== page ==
Victoria has a seemingly endless number of amazing hiking trails. Most take you to wild and beautiful Pacific Ocean views and others take you to tranquil lakes in beautiful BC Coastal Rainforest wilderness. Regional Parks and Provincial Parks are everywhere you turn in Victoria and finding them is not too difficult. These are some of the best of the best hiking trails in and around Victoria.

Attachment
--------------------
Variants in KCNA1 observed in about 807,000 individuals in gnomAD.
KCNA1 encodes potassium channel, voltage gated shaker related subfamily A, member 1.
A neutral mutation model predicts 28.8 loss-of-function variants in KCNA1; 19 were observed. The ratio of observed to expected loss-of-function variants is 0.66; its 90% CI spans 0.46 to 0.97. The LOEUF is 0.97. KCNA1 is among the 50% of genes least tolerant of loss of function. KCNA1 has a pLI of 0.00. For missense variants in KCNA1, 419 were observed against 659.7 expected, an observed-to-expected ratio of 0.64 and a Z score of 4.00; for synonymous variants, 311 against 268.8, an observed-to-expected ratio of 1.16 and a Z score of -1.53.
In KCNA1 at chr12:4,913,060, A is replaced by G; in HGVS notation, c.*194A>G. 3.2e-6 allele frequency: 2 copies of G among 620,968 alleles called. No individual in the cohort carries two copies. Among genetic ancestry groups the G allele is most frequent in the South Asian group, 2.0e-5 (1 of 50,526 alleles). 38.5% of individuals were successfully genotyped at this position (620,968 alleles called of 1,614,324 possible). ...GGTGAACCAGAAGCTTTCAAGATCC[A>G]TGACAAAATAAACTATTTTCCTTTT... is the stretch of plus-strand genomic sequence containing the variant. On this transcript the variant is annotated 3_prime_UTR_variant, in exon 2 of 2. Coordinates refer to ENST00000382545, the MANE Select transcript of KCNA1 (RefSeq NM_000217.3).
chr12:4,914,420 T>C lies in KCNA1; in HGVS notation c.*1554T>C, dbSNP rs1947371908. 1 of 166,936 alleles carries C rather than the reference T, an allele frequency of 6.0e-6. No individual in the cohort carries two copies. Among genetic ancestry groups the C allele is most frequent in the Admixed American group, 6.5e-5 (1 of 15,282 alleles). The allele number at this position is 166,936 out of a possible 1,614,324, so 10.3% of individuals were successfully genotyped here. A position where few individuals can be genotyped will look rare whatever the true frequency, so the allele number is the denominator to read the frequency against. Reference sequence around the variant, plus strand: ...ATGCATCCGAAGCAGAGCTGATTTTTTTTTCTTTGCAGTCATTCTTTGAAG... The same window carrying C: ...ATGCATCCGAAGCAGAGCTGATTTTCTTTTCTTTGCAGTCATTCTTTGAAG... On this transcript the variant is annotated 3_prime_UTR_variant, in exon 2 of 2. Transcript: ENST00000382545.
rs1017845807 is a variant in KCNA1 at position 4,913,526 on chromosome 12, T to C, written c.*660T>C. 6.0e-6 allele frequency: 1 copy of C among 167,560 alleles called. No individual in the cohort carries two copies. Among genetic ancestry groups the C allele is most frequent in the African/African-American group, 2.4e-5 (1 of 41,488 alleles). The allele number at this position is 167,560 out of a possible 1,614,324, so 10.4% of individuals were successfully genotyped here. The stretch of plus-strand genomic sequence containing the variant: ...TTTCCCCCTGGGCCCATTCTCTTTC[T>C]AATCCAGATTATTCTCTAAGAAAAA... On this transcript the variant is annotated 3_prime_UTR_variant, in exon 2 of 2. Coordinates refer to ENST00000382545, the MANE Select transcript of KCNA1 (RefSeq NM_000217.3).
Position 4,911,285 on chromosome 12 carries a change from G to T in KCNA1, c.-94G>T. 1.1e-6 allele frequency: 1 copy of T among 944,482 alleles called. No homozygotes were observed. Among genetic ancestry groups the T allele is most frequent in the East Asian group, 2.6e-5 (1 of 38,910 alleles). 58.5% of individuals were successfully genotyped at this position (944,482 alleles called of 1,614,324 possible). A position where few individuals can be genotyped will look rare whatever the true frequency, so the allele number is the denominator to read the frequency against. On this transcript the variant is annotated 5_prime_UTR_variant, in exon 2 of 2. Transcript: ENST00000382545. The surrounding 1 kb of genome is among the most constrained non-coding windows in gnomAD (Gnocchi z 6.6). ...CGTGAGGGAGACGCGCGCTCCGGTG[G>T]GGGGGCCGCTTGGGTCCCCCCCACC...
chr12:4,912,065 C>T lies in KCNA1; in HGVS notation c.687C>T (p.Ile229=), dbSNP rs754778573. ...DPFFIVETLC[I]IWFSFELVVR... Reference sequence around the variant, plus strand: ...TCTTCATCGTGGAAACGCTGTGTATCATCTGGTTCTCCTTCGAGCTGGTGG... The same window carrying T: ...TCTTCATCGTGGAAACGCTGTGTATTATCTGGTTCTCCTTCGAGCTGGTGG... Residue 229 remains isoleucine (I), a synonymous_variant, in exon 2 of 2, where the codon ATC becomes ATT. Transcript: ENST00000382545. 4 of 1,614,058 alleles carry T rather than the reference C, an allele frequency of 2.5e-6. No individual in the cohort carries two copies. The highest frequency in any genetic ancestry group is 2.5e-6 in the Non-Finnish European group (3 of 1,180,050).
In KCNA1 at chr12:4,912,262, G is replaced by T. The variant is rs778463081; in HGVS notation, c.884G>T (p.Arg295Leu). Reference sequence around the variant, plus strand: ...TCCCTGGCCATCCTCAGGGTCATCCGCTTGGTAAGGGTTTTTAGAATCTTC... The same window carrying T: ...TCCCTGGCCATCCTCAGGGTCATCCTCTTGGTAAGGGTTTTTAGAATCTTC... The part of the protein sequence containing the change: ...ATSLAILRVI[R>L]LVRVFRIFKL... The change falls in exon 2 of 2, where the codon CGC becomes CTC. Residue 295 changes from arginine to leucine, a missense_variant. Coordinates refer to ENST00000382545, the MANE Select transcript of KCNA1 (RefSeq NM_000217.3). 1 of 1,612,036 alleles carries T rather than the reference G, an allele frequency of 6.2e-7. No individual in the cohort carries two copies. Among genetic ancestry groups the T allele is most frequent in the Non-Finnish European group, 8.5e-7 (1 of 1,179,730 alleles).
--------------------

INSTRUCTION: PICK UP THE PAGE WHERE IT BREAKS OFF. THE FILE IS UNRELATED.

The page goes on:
Avatar Grove and Canada's gnarliest tree is an amazing thing to see and finding it is half the fun. The cute little town of Port Renfrew, known for it's logging, amazing fishing and home of one of the trailheads to the world renowned West Coast Trail, is now reworking it's image to include this fantastic wonder. Dubbed Canada's gnarliest tree this mammoth cedar will surely leap from the unknown to the feature of millions of tourist photos in the coming days and years. Avatar Grove is a 50 hectare area of old growth forest it has shot to prominence in this part of the world and groups everywhere you look are embracing it as something to be saved, admired and loved. Not cut into lumber. The Victoria based Ancient Forest Alliance is at the forefront of rescuing and protecting Avatar Forest. They discovered, named and drove it into the world's eyes. Avatar Grove is slowly growing into a hiking destination. Wooden stars and a boardwalk is being constructed and seems to grow month to month. There is even a viewing platform for the gnarly tree at an ideal location to take in the view. Though Avatar Grove and Canada's gnarliest tree is a couple hours drive from Victoria, the drive is very scenic. The various sections/trailheads of the Juan de Fuca Trail are all easy stops on the way to Avatar Grove. East Sooke Park, Witty's Lagoon, Fort Rodd Hill and many more sights are also located along the way.